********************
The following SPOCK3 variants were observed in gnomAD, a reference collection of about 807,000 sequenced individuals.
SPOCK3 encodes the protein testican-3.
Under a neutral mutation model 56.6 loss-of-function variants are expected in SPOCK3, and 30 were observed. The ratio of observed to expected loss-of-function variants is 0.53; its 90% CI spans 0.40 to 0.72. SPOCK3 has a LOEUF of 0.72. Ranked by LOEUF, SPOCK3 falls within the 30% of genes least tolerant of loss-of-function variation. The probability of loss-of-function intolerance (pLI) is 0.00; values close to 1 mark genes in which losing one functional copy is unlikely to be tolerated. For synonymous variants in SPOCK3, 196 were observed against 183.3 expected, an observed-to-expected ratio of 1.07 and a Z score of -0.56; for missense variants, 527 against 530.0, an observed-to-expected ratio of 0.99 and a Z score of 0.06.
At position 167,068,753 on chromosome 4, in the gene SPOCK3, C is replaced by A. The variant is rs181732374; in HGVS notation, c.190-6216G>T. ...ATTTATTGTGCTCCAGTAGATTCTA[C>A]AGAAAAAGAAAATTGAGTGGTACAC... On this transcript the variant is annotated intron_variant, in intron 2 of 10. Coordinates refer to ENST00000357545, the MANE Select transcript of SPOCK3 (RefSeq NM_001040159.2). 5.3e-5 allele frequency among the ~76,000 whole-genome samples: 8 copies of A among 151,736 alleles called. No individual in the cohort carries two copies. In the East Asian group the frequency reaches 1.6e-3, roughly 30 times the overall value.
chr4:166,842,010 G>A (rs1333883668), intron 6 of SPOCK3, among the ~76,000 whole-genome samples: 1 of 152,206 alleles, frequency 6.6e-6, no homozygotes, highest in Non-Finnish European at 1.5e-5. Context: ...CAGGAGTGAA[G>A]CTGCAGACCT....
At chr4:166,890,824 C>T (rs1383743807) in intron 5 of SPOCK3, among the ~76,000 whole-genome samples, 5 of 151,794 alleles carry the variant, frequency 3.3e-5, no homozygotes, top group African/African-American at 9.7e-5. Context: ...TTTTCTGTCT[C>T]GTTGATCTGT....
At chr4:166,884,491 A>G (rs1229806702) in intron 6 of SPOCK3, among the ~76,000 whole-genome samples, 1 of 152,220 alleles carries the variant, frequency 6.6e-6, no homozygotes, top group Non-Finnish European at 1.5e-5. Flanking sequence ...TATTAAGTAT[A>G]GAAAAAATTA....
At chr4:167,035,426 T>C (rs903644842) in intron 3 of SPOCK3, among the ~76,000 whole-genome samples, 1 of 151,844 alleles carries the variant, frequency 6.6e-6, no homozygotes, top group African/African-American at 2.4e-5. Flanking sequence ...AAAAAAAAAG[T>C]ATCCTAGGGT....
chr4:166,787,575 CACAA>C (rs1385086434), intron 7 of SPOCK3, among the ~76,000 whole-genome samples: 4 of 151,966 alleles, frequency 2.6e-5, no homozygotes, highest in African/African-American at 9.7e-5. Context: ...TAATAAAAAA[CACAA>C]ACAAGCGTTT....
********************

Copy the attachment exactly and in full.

The following SPOCK3 variants were observed in gnomAD, a reference collection of about 807,000 sequenced individuals.
SPOCK3 encodes the protein testican-3.
Under a neutral mutation model 56.6 loss-of-function variants are expected in SPOCK3, and 30 were observed. The ratio of observed to expected loss-of-function variants is 0.53; its 90% CI spans 0.40 to 0.72. SPOCK3 has a LOEUF of 0.72. Ranked by LOEUF, SPOCK3 falls within the 30% of genes least tolerant of loss-of-function variation. The probability of loss-of-function intolerance (pLI) is 0.00; values close to 1 mark genes in which losing one functional copy is unlikely to be tolerated. For synonymous variants in SPOCK3, 196 were observed against 183.3 expected, an observed-to-expected ratio of 1.07 and a Z score of -0.56; for missense variants, 527 against 530.0, an observed-to-expected ratio of 0.99 and a Z score of 0.06.
At position 167,068,753 on chromosome 4, in the gene SPOCK3, C is replaced by A. The variant is rs181732374; in HGVS notation, c.190-6216G>T. ...ATTTATTGTGCTCCAGTAGATTCTA[C>A]AGAAAAAGAAAATTGAGTGGTACAC... On this transcript the variant is annotated intron_variant, in intron 2 of 10. Coordinates refer to ENST00000357545, the MANE Select transcript of SPOCK3 (RefSeq NM_001040159.2). 5.3e-5 allele frequency among the ~76,000 whole-genome samples: 8 copies of A among 151,736 alleles called. No individual in the cohort carries two copies. In the East Asian group the frequency reaches 1.6e-3, roughly 30 times the overall value.
chr4:166,842,010 G>A (rs1333883668), intron 6 of SPOCK3, among the ~76,000 whole-genome samples: 1 of 152,206 alleles, frequency 6.6e-6, no homozygotes, highest in Non-Finnish European at 1.5e-5. Context: ...CAGGAGTGAA[G>A]CTGCAGACCT....
At chr4:166,890,824 C>T (rs1383743807) in intron 5 of SPOCK3, among the ~76,000 whole-genome samples, 5 of 151,794 alleles carry the variant, frequency 3.3e-5, no homozygotes, top group African/African-American at 9.7e-5. Context: ...TTTTCTGTCT[C>T]GTTGATCTGT....
At chr4:166,884,491 A>G (rs1229806702) in intron 6 of SPOCK3, among the ~76,000 whole-genome samples, 1 of 152,220 alleles carries the variant, frequency 6.6e-6, no homozygotes, top group Non-Finnish European at 1.5e-5. Flanking sequence ...TATTAAGTAT[A>G]GAAAAAATTA....
At chr4:167,035,426 T>C (rs903644842) in intron 3 of SPOCK3, among the ~76,000 whole-genome samples, 1 of 151,844 alleles carries the variant, frequency 6.6e-6, no homozygotes, top group African/African-American at 2.4e-5. Flanking sequence ...AAAAAAAAAG[T>C]ATCCTAGGGT....
chr4:166,787,575 CACAA>C (rs1385086434), intron 7 of SPOCK3, among the ~76,000 whole-genome samples: 4 of 151,966 alleles, frequency 2.6e-5, no homozygotes, highest in African/African-American at 9.7e-5. Context: ...TAATAAAAAA[CACAA>C]ACAAGCGTTT....